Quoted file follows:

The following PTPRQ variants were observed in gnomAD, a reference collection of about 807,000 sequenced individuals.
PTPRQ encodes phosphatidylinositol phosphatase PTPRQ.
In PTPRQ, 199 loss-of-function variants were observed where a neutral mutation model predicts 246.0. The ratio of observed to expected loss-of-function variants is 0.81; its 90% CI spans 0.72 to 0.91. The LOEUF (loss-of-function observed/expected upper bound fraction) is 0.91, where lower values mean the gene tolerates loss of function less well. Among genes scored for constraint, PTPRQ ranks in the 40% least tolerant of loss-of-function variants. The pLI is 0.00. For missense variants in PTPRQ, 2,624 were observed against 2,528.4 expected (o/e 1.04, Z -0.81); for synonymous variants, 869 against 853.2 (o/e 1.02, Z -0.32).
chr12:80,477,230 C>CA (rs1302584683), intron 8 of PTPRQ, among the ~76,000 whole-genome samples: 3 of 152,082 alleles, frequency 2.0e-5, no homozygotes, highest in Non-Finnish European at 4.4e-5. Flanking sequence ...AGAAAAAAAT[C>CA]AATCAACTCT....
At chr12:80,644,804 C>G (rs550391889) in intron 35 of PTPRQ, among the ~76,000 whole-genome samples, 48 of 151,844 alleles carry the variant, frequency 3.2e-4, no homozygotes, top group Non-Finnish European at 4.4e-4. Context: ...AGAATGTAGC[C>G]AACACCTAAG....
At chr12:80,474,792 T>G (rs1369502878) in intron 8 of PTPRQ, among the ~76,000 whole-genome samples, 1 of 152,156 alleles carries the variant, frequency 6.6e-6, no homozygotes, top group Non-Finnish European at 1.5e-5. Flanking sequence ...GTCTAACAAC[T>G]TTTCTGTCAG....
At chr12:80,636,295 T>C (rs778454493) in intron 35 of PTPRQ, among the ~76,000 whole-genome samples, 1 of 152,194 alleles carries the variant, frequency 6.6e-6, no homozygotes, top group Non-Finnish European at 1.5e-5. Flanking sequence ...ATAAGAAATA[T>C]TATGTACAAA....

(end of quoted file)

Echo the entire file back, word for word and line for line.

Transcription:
The following PTPRQ variants were observed in gnomAD, a reference collection of about 807,000 sequenced individuals.
PTPRQ encodes phosphatidylinositol phosphatase PTPRQ.
In PTPRQ, 199 loss-of-function variants were observed where a neutral mutation model predicts 246.0. The ratio of observed to expected loss-of-function variants is 0.81; its 90% CI spans 0.72 to 0.91. The LOEUF (loss-of-function observed/expected upper bound fraction) is 0.91, where lower values mean the gene tolerates loss of function less well. Among genes scored for constraint, PTPRQ ranks in the 40% least tolerant of loss-of-function variants. The pLI is 0.00. For missense variants in PTPRQ, 2,624 were observed against 2,528.4 expected (o/e 1.04, Z -0.81); for synonymous variants, 869 against 853.2 (o/e 1.02, Z -0.32).
chr12:80,477,230 C>CA (rs1302584683), intron 8 of PTPRQ, among the ~76,000 whole-genome samples: 3 of 152,082 alleles, frequency 2.0e-5, no homozygotes, highest in Non-Finnish European at 4.4e-5. Flanking sequence ...AGAAAAAAAT[C>CA]AATCAACTCT....
At chr12:80,644,804 C>G (rs550391889) in intron 35 of PTPRQ, among the ~76,000 whole-genome samples, 48 of 151,844 alleles carry the variant, frequency 3.2e-4, no homozygotes, top group Non-Finnish European at 4.4e-4. Context: ...AGAATGTAGC[C>G]AACACCTAAG....
At chr12:80,474,792 T>G (rs1369502878) in intron 8 of PTPRQ, among the ~76,000 whole-genome samples, 1 of 152,156 alleles carries the variant, frequency 6.6e-6, no homozygotes, top group Non-Finnish European at 1.5e-5. Flanking sequence ...GTCTAACAAC[T>G]TTTCTGTCAG....
At chr12:80,636,295 T>C (rs778454493) in intron 35 of PTPRQ, among the ~76,000 whole-genome samples, 1 of 152,194 alleles carries the variant, frequency 6.6e-6, no homozygotes, top group Non-Finnish European at 1.5e-5. Flanking sequence ...ATAAGAAATA[T>C]TATGTACAAA....